Most of us love a good sports car, and frankly, many of us lust after one, even if it’s in our dreams. From finances to practicality, to parking space – many factors come into consideration when anyone is buying a car. And even if you manage to find a cheap sports car that takes care of the financial aspect, you still need to think about parking and practicality. If you are living somewhere it rains more often than not, a convertible may not be the right sports car for you.
Then again, not every cheap sports car is worth buying, even if you seem to be getting it at a “steal.” New or old, a sports car makes for a good ride only when it gives you the requisite thrills, and also comes safe and reliable. Else, the only driving you will be doing is from the mechanic and back. On that note here are 10 cheap sports cars, you should radically steer clear of. We’ll tell you why.
10 1984 Pontiac Fiero: Fizzled Spark
The Fiero debuted in 1983 as Pontiac’s mid-engined sports car with two engine configurations, a base 4-cylinder 2.5-liter engine and a more-powerful 6-cylinder 2.8-liter mill. It sold like hotcakes for a couple of years until buyers started coming back to Pontiac for various mechanical issues particularly related to the car’s suspension and cooling system.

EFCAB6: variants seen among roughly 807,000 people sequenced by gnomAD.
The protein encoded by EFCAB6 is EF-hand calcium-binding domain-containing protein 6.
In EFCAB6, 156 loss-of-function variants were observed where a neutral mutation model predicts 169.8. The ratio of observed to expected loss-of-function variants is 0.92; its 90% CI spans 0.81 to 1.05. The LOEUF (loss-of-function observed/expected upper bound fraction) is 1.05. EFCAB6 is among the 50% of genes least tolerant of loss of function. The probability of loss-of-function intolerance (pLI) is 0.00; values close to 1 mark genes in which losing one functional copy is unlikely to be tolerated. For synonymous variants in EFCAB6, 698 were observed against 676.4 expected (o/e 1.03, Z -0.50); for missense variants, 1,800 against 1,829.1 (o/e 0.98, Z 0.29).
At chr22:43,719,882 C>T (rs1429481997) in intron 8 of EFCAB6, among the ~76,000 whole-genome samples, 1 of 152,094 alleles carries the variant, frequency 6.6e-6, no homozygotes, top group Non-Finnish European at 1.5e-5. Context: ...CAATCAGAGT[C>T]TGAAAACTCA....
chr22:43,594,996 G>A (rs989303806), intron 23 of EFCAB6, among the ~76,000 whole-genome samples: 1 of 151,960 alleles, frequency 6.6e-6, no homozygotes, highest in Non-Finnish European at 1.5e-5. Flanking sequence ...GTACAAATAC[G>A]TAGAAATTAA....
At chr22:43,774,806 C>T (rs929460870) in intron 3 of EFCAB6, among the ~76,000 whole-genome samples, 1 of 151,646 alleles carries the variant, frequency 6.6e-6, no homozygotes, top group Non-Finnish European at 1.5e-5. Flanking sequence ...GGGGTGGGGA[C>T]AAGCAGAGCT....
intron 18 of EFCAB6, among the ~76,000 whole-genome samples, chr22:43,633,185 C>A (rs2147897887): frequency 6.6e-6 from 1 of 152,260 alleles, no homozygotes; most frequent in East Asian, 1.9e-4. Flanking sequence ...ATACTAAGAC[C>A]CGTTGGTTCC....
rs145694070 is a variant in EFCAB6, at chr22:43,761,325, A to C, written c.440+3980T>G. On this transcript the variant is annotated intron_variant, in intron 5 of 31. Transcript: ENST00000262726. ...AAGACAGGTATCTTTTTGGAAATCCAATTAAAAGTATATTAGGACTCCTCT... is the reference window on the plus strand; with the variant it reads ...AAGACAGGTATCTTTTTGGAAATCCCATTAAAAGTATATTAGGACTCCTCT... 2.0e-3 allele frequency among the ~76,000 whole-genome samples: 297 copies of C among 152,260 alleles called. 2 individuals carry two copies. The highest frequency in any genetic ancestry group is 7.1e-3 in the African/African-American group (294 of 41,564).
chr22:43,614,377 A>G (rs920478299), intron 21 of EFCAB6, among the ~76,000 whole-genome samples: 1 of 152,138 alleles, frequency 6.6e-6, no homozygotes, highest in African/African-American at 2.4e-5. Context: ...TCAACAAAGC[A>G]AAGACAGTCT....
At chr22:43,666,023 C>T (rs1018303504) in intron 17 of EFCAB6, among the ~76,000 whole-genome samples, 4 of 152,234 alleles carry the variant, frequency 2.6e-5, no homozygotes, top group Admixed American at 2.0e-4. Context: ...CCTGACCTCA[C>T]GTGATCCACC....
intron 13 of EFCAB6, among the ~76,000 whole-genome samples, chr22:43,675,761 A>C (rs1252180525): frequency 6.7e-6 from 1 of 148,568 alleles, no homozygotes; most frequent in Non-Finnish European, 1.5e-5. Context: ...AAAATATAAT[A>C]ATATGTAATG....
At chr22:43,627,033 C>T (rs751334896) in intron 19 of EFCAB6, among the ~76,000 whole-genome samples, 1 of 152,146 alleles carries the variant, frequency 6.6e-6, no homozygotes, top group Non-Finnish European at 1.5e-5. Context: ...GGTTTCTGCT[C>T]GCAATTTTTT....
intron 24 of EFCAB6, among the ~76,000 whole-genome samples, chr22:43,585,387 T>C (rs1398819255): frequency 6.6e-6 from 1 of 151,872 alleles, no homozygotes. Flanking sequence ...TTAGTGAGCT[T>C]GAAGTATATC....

Plus, in either form, the engine remained underpowered. This is the reason why they are pretty cheap in the used car bazaar. If you still want this cheap sports car, make sure all these issues have been fixed by the seller.
9 1980 Corvette 305 “California”: Worst ‘Vette
The 1980s were the gloomy years for the iconic Corvette as the new Federal emission rules had clipped the wings of the raging American performance cars. The 1980 California Corvette was the runt of this litter as it was armed with a detoxed 305 cu in (5.0-liter) V8 engine coughing up just 180 horses.
This sports car was in line with the new California exhaust emission control regulations which is why today, it’s a cheap sports car. The inadequate 5.0-liter small-block V8 mill was paired with an equally poor three-speed automatic transmission to make matters worse. Not a ride for any self-respecting gearhead.
8 1981 Maserati Biturbo: Junked Economy
With Biturbo, Maserati wanted to reach out to the masses as it carried a lower price tag. The design was pretty old-school and buyers had a choice of three twin-turbo powerplants – a 2.0-liter V6, a 2.5-liter V6, and a 2.8-liter V6.
With any engine, it performed like a supercar but a few years later the owners started to have a lot of mechanical problems. Some of them even complained that the debut-year Biturbo had serious corrosion issues. Biturbo was later dubbed as an “expensive junk” and to date gets no love from autophiles.
7 2004 Chrysler Crossfire: Bad Combination
The Crossfire debuted at the time when Chrysler was owned by Daimler. So it borrowed yesteryear’s SLK chassis from Daimler and got dressed up in a rather contemporary look. While the styling was big and brash, the insides of the car were rather cramped.
The sourced engine was already outdated and people knew that it was just a cheap version of the SLK roadster. Sales were always low for the Crossfire, and it lasted for just four model years.
6 2007 Saturn Sky: Only Marketed Sporty
With the brand-new Sky, GM was planning to take the Saturn marque to the skies. However, the flight was short-lived. Like its twin sibling, the Pontiac Solstice, the Saturn Sky was pegged as a sports car, but it was never so and failed in many departments.